Sometimes a loved one starts having trouble managing her money because of confusion, cognitive decline, Alzheimer’s disease, or some other form of dementia. When that happens, you might find yourself having to serve as her money manager. Here are some things you need to know about handling your aging loved one’s finances.
Changes to Make Now
Your loved one must be legally competent to take certain steps, such as adding a trusted friend or relative to a bank account or creating a power of attorney so her chosen money manager can handle her financial matters. Once your aging loved one becomes incapacitated, she will not be able to hand the reins over to someone else. So plan ahead, before the confusion or dementia really sets in.
At that point, the only option is to go to court and obtain a guardianship or conservatorship. This legal process can take weeks, months, or even longer, and they often cost your aging loved one thousands of dollars in legal fees. Not only does she have to pay for the lawyer who files and handles the guardianship for you, she also has to foot the bill for court costs and payment to the person the court appoints to represent her.
People often challenge changes to legal documents that a person makes after a certain age, or while in the early stages of Alzheimer’s. The best way to counter this situation is to get a letter from your loved one’s doctor at the same time she decides to execute a power of attorney or add you to her bank account. The doctor’s letter should say your relative was of sound mind at that time.
How to Avoid Elder Financial Abuse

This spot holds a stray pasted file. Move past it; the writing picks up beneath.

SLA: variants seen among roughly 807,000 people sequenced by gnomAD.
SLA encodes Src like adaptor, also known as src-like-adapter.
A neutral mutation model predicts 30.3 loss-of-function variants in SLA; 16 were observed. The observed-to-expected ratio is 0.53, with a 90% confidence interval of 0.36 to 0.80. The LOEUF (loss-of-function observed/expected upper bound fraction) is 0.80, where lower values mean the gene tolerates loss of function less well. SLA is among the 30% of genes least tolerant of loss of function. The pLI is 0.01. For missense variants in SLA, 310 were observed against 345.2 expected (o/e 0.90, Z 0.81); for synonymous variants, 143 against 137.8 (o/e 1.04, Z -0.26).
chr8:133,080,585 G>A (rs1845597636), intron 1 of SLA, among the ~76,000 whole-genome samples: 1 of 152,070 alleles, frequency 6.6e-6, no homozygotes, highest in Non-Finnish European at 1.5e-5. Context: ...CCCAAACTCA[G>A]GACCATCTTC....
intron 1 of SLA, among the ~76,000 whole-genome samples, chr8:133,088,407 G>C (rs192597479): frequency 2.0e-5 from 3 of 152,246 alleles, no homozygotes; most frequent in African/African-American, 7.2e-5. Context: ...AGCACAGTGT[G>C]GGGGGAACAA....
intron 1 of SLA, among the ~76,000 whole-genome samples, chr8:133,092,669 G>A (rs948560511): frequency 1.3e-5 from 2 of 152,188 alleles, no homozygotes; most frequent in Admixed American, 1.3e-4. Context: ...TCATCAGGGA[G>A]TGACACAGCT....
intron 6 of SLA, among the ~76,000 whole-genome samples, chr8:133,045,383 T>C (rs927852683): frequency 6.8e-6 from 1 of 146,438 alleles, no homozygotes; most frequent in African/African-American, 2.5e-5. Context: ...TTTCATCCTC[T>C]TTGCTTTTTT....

Sadly, the vast majority of people who steal from older adults are the people they trust the most. Family members, friends, clergy and financial professionals commit the lion’s share of elder financial abuse. To prevent this outcome for your loved one, you have two options:
- Have two people in charge of your loved one’s finances instead of only one. The two people can alternate the responsibility monthly or quarterly. This arrangement provides automatic oversight of each person’s actions. You could, for example, have a close relative and a dear friend serve as the two money managers.
- Use a money management service. These companies can take care of things like paying the bills and balancing the checkbook for your aging relative. You should have a relative or friend go over the reports from the company every month to check for fraud on the part of the company. Your local National Association of Area Agencies on Aging can provide names of money management programs in your area.
When a money manager starts handling your loved one’s finances, she should prevent identity theft and fraud by canceling and shredding your relative’s debit cards and credit cards. She should also close the accounts at PayPal and other online shopping services.
Keep All Transactions Above Suspicion
Because incapacitated people are so vulnerable to theft and fraud, the people who manage your loved one’s money and other assets should take precautionary measures to make it clear they are acting in your relative’s best interests. Always write the reason for the payment on the memo line of the check. And never co-mingle funds.
Do not borrow from the account. Do not use your loved one’s assets for purchases that benefit anyone other than your relative. Do not use her assets for your own benefit, like driving her car to work.
Every state has different regulations, so talk with an estate planning or elder law attorney near you.
AARP. “Managing a Loved One’s Money.” (accessed July 11, 2019) https://www.aarp.org/caregiving/financial-legal/info-2017/managing-someone-elses-money.html?intcmp=AE-CAR-LEG-EOA1